Aiming is just as important for a machine gun as any other weapon. Back to our MP5. If the shooter does NOT aim his bullets will spread out in a shot gun pattern, the more distance the more spread. The farther a bullet travels the more ‘off course’ it gets if improperly aimed. One single bullet does not insure a kill. A forty-four magnum will not automatically kill the target.
Bullets are very small and they go where they are aimed unless they are affected by wind or gravity. At a hundred yards a man sized target is not that big and bullets do not get bigger. The smallest miscalculation in aiming can insure a miss. If the shooter does not aim he will be lucky to score a hit.
One option when using an automatic weapons is to ‘walk your rounds into target’. What this means is that the shooter see’s where his rounds are hitting and adjusts his aim accordingly. This requires a large amount of ammo and can cause weapons to heat up prematurely. This is not a good method for several reasons. One, the enemy may be shooting back and will not give you time to adjust your aim unless he cowering behind cover, in which case you won’t hit him anyway. Two, ammo use is high (which means reloading and during this time the enemy may decide to shoot back). The third reason this is a bad idea is it takes time and tells the enemy where you are at. One of Murphy’s laws of Combat states that “Teamwork is essential, it gives them someone else to shoot at.” If you are concentrating on my buddy you are not concentrating on me and I will ventilate you.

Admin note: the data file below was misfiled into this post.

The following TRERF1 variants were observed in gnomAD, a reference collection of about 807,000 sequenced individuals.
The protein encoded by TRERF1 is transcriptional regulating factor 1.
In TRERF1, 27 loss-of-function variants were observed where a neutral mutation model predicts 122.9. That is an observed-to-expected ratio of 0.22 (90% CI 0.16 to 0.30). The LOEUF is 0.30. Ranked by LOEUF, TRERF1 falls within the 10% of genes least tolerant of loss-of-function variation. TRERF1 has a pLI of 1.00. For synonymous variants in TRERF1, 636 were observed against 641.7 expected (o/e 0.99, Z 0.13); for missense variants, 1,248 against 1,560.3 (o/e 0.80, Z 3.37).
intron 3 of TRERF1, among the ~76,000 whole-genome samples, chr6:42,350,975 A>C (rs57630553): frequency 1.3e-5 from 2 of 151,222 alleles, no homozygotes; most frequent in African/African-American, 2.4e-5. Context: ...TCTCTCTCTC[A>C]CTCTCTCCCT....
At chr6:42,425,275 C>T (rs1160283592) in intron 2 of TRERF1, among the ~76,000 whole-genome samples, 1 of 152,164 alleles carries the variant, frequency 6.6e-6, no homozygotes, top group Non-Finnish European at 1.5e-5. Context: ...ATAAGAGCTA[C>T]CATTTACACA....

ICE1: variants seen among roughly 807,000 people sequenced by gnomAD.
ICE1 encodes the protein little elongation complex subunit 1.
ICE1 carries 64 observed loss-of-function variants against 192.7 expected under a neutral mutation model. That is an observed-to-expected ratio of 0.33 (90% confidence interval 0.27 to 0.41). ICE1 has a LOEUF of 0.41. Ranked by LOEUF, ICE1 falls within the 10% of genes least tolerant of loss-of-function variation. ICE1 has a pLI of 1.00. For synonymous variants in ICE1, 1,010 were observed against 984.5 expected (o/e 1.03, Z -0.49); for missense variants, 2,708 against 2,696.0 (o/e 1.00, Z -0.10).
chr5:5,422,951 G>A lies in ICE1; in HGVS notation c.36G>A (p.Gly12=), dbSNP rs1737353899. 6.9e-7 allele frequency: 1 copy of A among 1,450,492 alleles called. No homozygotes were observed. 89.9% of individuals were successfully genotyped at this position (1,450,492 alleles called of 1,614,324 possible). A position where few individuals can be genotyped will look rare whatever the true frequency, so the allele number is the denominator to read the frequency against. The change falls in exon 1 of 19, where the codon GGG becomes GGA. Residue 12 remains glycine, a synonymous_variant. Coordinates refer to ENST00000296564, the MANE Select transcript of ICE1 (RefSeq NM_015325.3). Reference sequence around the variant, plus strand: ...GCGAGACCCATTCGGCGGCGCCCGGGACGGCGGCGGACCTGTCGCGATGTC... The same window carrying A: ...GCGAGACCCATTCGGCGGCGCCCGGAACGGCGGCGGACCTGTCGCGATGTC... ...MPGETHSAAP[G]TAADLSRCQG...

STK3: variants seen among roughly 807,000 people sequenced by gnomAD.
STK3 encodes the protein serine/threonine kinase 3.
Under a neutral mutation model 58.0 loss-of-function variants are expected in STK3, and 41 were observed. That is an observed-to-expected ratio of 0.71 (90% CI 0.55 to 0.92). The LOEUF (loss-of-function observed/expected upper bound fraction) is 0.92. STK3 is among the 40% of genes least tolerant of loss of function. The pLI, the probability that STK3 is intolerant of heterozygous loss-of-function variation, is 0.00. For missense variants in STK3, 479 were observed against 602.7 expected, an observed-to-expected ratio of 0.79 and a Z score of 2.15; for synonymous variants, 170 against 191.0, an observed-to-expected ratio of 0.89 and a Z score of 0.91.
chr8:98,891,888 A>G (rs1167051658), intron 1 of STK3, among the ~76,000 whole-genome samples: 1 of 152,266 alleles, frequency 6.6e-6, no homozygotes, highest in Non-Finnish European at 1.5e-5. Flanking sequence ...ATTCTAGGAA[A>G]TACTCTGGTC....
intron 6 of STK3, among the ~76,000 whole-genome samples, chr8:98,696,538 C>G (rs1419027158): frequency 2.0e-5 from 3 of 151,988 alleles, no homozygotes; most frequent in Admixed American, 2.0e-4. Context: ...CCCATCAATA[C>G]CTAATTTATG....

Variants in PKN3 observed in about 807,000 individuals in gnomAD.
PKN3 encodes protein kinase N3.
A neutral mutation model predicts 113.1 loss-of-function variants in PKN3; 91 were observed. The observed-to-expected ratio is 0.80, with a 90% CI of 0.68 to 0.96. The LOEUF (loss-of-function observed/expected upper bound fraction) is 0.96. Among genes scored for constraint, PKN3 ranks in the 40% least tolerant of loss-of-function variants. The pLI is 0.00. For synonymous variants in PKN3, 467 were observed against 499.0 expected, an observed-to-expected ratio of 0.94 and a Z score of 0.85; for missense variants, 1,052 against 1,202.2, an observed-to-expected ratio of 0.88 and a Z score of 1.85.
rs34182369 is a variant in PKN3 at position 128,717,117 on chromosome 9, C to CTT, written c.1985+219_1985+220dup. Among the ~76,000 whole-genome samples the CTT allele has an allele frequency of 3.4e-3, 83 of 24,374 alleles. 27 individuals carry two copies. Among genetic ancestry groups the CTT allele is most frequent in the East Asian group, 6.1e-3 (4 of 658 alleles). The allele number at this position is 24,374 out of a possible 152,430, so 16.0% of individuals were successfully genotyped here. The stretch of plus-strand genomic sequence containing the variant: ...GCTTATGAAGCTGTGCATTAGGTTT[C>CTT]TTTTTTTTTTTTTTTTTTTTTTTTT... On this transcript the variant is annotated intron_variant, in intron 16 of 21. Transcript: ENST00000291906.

If you have time and ammo, walking the rounds onto target is good. ALL machine guns have sights, even if they are basic ones.
One of the most important aspects of automatic weapons is their intimidation factor. They are scary, even in an amateurs hands. All those bullets slamming into the ground around you can be very frightening. This intimidation factor is one of the main reasons automatic weapons are so popular.
So let’s recap the basics of automatic weapons. Machine guns need lots of ammo. Machine guns overheat and melt if you fire all that ammo. If you do not attempt to aim you are wasting all that ammo. Reloading is a bitch when you are being shot at. Rambo was a stupid movie for these reasons.
Understanding the mechanics let’s look at the tactics used.